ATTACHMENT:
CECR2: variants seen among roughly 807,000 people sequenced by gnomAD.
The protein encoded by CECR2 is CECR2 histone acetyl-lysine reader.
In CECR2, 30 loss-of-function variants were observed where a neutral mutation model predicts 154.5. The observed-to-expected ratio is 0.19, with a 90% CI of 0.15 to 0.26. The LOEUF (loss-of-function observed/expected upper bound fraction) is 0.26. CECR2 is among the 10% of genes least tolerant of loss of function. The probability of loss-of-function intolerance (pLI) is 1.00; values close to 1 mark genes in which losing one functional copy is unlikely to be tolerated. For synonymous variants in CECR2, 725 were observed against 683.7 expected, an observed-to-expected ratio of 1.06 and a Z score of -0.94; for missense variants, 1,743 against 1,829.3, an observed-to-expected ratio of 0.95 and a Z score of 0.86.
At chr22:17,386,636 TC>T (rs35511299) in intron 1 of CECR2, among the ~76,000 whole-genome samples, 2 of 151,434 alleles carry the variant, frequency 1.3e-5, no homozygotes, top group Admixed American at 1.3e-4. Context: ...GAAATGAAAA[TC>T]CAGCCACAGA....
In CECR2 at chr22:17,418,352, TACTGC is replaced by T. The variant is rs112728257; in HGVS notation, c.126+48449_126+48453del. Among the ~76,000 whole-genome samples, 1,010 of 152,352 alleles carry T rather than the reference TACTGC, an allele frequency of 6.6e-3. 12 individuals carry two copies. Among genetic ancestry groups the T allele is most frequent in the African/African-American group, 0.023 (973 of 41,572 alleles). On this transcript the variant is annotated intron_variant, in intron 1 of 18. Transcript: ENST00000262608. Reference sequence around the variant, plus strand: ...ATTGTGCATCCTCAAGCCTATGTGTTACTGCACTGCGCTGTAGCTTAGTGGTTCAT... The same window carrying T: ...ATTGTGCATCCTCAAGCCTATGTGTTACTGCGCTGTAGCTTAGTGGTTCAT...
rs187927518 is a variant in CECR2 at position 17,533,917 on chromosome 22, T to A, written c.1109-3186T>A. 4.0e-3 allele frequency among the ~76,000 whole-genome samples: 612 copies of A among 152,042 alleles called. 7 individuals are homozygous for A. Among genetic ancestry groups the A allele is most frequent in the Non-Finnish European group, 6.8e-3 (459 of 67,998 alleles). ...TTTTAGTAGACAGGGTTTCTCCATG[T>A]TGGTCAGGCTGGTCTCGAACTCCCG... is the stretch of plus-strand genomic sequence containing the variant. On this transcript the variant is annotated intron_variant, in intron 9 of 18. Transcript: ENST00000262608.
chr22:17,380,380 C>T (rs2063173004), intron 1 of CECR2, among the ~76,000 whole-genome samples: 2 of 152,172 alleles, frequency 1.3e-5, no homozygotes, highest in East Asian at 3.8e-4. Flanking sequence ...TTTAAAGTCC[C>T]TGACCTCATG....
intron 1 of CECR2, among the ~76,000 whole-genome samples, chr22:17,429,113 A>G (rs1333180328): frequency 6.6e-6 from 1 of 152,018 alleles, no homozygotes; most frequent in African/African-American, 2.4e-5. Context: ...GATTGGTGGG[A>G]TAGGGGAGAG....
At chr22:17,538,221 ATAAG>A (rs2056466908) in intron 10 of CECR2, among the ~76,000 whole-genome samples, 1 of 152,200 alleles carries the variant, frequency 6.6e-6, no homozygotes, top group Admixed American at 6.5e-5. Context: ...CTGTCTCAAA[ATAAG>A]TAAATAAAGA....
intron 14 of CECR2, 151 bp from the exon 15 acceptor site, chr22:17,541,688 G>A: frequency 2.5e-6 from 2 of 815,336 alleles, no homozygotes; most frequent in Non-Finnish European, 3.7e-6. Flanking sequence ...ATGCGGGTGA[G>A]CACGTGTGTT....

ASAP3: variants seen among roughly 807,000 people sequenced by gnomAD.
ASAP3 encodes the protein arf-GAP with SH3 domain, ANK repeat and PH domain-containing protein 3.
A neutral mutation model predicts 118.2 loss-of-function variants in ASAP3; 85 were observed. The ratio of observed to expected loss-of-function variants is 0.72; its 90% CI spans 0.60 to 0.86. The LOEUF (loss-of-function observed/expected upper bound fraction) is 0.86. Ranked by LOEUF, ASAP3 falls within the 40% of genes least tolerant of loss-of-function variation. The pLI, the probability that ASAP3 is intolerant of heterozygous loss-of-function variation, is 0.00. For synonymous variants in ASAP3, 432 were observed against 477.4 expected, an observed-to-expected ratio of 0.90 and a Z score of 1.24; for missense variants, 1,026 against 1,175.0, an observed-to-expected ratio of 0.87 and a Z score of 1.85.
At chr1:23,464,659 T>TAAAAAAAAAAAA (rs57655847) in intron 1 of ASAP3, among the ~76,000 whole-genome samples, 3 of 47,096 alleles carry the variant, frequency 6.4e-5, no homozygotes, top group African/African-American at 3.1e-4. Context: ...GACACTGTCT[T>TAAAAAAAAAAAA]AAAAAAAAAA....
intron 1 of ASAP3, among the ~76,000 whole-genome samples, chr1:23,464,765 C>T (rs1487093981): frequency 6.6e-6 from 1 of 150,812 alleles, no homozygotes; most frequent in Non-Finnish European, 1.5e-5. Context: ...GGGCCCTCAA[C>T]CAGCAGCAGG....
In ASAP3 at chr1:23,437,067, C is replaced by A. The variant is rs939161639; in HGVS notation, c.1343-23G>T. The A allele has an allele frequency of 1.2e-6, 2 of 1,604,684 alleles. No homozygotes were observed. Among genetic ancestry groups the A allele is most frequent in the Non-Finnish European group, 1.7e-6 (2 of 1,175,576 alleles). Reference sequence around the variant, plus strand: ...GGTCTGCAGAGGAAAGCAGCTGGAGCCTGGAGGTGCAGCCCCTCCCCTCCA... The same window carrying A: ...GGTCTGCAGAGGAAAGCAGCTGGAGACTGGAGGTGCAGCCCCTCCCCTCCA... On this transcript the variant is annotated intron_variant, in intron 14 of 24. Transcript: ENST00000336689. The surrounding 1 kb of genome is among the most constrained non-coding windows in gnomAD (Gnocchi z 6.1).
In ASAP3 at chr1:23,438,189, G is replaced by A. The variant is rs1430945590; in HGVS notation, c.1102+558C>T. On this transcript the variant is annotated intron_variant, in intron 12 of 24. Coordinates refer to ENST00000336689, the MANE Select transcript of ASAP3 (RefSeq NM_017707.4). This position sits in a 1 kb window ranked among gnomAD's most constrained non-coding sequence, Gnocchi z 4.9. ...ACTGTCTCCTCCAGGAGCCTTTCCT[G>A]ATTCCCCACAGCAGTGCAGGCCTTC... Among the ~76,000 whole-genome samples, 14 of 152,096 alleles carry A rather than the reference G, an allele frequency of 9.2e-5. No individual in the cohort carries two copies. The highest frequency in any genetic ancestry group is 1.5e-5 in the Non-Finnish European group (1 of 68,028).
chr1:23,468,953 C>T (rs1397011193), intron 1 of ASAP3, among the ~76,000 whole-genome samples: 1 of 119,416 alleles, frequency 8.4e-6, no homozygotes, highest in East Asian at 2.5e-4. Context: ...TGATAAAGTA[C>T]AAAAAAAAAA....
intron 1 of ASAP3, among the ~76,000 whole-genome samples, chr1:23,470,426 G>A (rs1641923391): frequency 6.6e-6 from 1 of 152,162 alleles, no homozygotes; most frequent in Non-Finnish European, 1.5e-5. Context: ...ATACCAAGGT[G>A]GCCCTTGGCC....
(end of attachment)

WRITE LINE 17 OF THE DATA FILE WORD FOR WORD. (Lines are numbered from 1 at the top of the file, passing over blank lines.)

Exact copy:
In ASAP3 at chr1:23,438,189, G is replaced by A. The variant is rs1430945590; in HGVS notation, c.1102+558C>T. On this transcript the variant is annotated intron_variant, in intron 12 of 24. Coordinates refer to ENST00000336689, the MANE Select transcript of ASAP3 (RefSeq NM_017707.4). This position sits in a 1 kb window ranked among gnomAD's most constrained non-coding sequence, Gnocchi z 4.9. ...ACTGTCTCCTCCAGGAGCCTTTCCT[G>A]ATTCCCCACAGCAGTGCAGGCCTTC... Among the ~76,000 whole-genome samples, 14 of 152,096 alleles carry A rather than the reference G, an allele frequency of 9.2e-5. No individual in the cohort carries two copies. The highest frequency in any genetic ancestry group is 1.5e-5 in the Non-Finnish European group (1 of 68,028).